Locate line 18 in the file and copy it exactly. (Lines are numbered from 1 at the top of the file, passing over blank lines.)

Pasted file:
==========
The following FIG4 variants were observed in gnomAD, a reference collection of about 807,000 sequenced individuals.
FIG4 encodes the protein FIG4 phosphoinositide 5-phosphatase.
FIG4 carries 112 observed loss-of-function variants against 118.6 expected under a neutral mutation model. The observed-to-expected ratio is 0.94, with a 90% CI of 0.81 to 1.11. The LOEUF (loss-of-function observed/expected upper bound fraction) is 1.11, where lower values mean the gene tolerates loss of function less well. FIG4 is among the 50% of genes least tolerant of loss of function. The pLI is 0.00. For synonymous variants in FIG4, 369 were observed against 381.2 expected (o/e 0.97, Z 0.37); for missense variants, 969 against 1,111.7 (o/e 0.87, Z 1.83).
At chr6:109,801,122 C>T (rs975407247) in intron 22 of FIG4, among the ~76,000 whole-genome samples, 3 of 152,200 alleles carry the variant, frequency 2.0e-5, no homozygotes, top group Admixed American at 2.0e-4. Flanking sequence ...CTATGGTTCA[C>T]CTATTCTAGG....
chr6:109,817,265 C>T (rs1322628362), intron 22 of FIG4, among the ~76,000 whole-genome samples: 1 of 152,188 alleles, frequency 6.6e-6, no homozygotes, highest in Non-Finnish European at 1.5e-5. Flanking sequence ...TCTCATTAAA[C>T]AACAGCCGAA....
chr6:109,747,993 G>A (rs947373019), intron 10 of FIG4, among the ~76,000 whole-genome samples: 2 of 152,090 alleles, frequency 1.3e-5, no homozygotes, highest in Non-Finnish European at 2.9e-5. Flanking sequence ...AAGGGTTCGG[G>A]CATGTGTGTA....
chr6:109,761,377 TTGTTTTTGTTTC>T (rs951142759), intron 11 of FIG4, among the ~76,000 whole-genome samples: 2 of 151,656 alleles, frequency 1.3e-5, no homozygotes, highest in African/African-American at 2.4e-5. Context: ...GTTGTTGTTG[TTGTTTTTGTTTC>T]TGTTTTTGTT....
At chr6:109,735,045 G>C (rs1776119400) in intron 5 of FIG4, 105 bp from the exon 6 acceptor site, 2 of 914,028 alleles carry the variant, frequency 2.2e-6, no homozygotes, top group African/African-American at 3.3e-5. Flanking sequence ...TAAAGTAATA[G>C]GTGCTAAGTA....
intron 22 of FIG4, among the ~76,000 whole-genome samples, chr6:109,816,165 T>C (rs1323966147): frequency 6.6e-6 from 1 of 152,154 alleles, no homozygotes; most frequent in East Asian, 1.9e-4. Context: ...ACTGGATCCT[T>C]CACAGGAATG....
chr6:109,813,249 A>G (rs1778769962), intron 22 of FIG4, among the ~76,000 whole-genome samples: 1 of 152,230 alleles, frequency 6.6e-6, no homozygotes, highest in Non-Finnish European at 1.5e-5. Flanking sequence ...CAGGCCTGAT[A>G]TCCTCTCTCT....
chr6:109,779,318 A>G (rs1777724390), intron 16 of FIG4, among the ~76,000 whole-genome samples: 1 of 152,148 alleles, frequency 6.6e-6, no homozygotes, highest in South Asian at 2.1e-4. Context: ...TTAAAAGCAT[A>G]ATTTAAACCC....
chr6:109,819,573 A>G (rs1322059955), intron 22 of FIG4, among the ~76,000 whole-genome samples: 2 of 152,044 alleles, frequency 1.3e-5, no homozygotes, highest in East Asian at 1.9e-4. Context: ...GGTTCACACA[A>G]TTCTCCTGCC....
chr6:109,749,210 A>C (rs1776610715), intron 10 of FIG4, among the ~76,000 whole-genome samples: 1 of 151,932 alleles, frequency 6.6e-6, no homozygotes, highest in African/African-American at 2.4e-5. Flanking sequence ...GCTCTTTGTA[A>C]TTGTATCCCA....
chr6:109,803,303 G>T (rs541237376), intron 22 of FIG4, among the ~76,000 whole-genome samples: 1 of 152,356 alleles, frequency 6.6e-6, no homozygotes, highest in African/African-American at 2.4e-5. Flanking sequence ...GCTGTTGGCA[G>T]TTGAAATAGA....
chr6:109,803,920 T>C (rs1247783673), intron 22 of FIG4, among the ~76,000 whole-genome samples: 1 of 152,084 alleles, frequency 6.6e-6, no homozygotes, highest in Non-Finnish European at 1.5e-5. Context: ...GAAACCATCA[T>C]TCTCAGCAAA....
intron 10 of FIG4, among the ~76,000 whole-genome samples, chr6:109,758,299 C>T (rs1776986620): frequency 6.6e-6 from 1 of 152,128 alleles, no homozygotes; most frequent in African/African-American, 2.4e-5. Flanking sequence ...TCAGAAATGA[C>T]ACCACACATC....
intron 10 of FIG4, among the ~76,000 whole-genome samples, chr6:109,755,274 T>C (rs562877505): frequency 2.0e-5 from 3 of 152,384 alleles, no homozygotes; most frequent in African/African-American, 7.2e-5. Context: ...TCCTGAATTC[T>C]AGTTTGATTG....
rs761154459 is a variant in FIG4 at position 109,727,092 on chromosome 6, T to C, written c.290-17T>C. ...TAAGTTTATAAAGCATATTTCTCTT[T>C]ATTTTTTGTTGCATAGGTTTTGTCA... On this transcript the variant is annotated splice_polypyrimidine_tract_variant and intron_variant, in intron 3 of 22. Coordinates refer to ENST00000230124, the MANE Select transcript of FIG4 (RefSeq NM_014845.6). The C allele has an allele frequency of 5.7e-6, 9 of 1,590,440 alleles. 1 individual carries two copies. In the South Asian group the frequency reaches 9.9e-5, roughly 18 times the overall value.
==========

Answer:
rs761154459 is a variant in FIG4 at position 109,727,092 on chromosome 6, T to C, written c.290-17T>C. ...TAAGTTTATAAAGCATATTTCTCTT[T>C]ATTTTTTGTTGCATAGGTTTTGTCA... On this transcript the variant is annotated splice_polypyrimidine_tract_variant and intron_variant, in intron 3 of 22. Coordinates refer to ENST00000230124, the MANE Select transcript of FIG4 (RefSeq NM_014845.6). The C allele has an allele frequency of 5.7e-6, 9 of 1,590,440 alleles. 1 individual carries two copies. In the South Asian group the frequency reaches 9.9e-5, roughly 18 times the overall value.